BeReal Takes Over Creek

New App Challenges Social Media’s Culture of Inauthenticity


Gillian Neale

NO TIME TO POSE: Sophomore Gabe Christeson holds his phone as he takes a BeReal of himself, sophomore Nola Bruce, and junior Katija Weis after the app takes a picture of 2022 graduate Colin Mitchell. Many like how BeReal lacks editing features. “You’re not getting ready to do something,” Bruce said, “you’re doing it in the moment.”

Gillian Neale, Staff Writer

There are only a few things that stop everyone in their tracks: shocking news, sudden disaster . . . and a notification from BeReal, a new social media app.

The app functions completely differently than your typical social media apps. It sends all users a notification at a different time each day, which gives them the opportunity to post a photo of their surroundings within two minutes of the notification – or post it at a different time, and be late.

“It’s really unique compared to other forms of social media because there isn’t a lot of editing involved and it’s right on the spot, so you don’t have a ton of time to pose,” sophomore Laila Ibrahim said. “It seems very authentic.”

The posts are structured to show what people are actually doing. It takes a picture with both of the phone’s cameras, just seconds apart. The two minute time limit starts to count down once you click the “post your BeReal” button.

BeReal has no editing features, but it allows users to see how many times a user has retaken a picture within the time limit. The app also uses “Realmojis,” which are intended to be like emojis, but they show the user’s real reaction to the post.

“You might do something on Instagram with filters or Snapchat, so I think it’s good to show what people are really like,” social studies teacher Steve Huntingdale said.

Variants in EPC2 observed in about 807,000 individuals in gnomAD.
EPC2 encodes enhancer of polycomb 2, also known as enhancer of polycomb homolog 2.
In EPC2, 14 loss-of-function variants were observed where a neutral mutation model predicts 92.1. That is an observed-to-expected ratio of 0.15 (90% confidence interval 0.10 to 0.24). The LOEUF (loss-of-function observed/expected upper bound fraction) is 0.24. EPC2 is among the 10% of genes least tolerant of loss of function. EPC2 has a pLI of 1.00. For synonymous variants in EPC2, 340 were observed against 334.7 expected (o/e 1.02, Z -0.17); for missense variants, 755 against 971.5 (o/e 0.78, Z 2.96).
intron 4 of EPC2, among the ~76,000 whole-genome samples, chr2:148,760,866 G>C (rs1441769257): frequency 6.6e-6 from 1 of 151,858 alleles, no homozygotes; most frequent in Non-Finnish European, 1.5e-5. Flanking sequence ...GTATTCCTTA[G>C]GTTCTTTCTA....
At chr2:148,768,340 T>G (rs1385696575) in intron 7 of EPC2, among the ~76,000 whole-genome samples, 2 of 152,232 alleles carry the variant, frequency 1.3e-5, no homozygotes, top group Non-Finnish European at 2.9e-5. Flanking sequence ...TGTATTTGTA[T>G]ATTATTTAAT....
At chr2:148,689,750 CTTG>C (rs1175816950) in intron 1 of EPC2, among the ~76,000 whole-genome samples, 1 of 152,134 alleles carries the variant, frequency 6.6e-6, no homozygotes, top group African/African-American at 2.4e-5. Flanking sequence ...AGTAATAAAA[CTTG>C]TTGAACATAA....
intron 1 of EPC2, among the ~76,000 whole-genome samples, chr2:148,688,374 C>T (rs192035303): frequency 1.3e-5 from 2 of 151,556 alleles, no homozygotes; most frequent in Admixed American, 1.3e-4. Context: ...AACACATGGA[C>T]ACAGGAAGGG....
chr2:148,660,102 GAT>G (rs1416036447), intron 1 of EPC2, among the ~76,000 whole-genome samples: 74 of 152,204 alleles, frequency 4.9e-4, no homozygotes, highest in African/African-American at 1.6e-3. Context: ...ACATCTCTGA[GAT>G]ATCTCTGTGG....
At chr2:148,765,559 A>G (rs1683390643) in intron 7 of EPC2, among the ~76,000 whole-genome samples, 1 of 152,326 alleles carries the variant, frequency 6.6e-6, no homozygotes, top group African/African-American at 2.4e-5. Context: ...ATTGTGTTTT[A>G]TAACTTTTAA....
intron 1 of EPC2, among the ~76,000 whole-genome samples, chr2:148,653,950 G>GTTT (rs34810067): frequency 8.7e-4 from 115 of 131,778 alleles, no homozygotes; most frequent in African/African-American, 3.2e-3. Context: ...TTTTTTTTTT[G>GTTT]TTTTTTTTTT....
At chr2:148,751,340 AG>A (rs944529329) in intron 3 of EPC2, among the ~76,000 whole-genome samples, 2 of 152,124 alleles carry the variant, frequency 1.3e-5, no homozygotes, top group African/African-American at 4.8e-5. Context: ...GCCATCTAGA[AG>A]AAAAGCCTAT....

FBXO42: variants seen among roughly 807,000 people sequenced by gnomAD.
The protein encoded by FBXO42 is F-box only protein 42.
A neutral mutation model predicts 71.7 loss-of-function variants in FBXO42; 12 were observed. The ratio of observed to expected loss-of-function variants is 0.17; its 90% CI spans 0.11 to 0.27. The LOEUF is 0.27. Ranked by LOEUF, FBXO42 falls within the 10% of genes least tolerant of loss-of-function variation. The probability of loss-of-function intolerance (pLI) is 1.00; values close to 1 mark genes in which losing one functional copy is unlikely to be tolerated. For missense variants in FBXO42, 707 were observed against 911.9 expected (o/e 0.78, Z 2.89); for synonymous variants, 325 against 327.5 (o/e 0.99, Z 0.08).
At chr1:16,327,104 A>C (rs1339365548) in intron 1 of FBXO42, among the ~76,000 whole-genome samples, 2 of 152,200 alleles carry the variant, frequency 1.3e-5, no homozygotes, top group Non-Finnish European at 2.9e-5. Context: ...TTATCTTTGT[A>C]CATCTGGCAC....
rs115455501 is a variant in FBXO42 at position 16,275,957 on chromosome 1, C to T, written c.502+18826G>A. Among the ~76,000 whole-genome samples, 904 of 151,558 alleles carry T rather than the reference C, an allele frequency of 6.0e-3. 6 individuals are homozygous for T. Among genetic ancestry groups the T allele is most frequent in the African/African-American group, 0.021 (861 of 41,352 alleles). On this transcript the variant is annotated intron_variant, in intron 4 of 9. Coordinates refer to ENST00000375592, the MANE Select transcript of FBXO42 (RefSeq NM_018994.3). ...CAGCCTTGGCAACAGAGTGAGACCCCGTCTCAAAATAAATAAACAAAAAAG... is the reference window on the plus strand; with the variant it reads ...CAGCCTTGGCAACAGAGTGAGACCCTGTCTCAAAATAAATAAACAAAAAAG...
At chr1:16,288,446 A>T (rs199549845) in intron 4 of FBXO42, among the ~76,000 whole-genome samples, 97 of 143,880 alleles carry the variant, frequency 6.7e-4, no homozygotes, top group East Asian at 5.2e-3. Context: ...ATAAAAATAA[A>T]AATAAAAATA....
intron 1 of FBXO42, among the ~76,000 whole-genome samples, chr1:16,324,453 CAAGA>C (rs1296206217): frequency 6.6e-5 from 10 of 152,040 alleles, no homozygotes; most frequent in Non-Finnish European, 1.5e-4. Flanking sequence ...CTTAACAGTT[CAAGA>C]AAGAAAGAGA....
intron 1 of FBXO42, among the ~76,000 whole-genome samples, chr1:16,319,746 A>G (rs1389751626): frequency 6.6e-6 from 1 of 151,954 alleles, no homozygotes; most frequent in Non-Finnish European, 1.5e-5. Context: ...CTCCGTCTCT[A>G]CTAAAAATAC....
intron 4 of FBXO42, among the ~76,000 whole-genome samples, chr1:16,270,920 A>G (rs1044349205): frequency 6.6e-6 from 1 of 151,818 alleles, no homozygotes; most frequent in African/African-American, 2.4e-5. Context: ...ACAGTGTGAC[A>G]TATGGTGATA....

While BeReal lacks editing features like Instagram’s filters, posts can sometimes be faked because users want to show off the interesting aspects of their lives.

“I don’t post when the timer goes off; I always post after I’m doing something exciting,” sophomore Kinley Wolfe said. “You can fake it sometimes and post later than is intended.”

Social media has always been popular at Creek, but BeReal’s popularity has been influenced by its easy to use features.

“It’s a really simple way to just kind of document your day to day life and have some nice memories to look back on,” junior Rose Chambers said.

Although posts change every day on the new app, old posts are easily accessible in users’ profiles.

Even some staff have unwillingly gotten involved in BeReal and are considered “BeReal victims,” including Principal Ryan Silva, security guard Tim Wright, and even some substitute teachers.

“I know I’ve been in two, but it could be more, it’s hard to say,” Huntingdale said.

Students hand their phones to teachers and ask if they’ll take a picture for them. Then, the camera flips and takes a picture of the teacher holding the phone.

Although social media can be frowned upon by both students and staff and could be a disruption in the classroom, BeReal has changed how social media is generally perceived at Creek.

“I can’t think of anything negative about it,” sophomore Nola Bruce said. “I feel like everybody else is being more authentic and real.”

This story won Honorable Mention Lifestyle News-Feature from CSMA.